They are selected far away from the Lathams & Hansons you see on Ch7 or Ch9 or Ch10.

  23. Greensborough Growler: It isn’t about who you want to be mates with, it’s about who’s going to pass your legislation. It should go without saying that installing people who oppose your bills is a bad idea, even if you don’t like some of the people who do. This is politics, not Sweet Valley High.

    Labor’s now ensured that all their legislation Purcell and the SFF blocked last time is going to remain impossible for at least another term.

  24. AM

    The Liberals are taking the privatisation of the sewerage system to this election – not that you would know it

    As with Labor forming government, they will prosecute the delivery of their programme they take to the election

    Ditto for the Liberals

    That is politics – it is about numbers and occupying the Treasury benches

    The government of the day will negotiate with the Upper House to progress its legislative agenda

    With Labor in government what you can Guarantee is that the Liberals will oppose – that is their DNA

    And the same goes the other way – but not without reservation, so oppose for the sake of opposing is not as evident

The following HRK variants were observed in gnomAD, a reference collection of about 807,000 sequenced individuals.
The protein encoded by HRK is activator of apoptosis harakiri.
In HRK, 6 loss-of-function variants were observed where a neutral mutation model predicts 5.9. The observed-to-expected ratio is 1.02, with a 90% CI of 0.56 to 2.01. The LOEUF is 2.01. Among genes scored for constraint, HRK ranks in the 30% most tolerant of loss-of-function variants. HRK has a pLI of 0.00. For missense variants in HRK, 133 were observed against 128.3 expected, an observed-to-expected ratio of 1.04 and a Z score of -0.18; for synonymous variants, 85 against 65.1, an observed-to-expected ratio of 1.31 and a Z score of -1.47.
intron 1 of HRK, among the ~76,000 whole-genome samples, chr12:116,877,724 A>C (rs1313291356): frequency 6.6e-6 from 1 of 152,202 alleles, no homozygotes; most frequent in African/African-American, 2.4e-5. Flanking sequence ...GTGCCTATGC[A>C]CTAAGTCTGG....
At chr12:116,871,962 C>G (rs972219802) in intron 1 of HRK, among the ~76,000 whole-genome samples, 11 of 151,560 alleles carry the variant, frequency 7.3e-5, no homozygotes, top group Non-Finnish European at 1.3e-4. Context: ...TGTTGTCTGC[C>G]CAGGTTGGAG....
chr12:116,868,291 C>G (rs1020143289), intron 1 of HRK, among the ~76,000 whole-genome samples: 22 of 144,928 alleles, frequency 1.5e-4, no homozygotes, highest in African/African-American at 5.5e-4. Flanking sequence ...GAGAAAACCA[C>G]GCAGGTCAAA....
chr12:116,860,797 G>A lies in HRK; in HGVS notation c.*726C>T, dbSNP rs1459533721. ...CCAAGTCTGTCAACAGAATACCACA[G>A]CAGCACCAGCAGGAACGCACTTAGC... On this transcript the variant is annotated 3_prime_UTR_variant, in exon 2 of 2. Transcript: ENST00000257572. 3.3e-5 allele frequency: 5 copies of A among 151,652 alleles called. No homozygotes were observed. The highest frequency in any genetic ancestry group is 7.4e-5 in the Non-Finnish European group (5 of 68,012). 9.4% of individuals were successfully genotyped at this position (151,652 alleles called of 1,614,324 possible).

The Greens, if they have any representation in either House, will never be initiators of policy

    The best position they will ever be in is a number, a number which can be negated by negotiation with others

    To assume the Greens or any representation they may have is more advantageous to any government over and above the position of any other Member is a nonsense

    The government is the government

    And I will be putting the Greens last because of the threats they make – particularly to any Labor government by viewing they are in Coalition when they are not and never will be

    Legends in their own life time (or lunch time)

    If I had been resident in Tasmania during the time of Bob Brown I would have preferenced him after Labor

    Your response shows that, typically, the Greens do not address reality

    They are a fringe party with no greater status than any other non Labor or non Liberal person elected to either House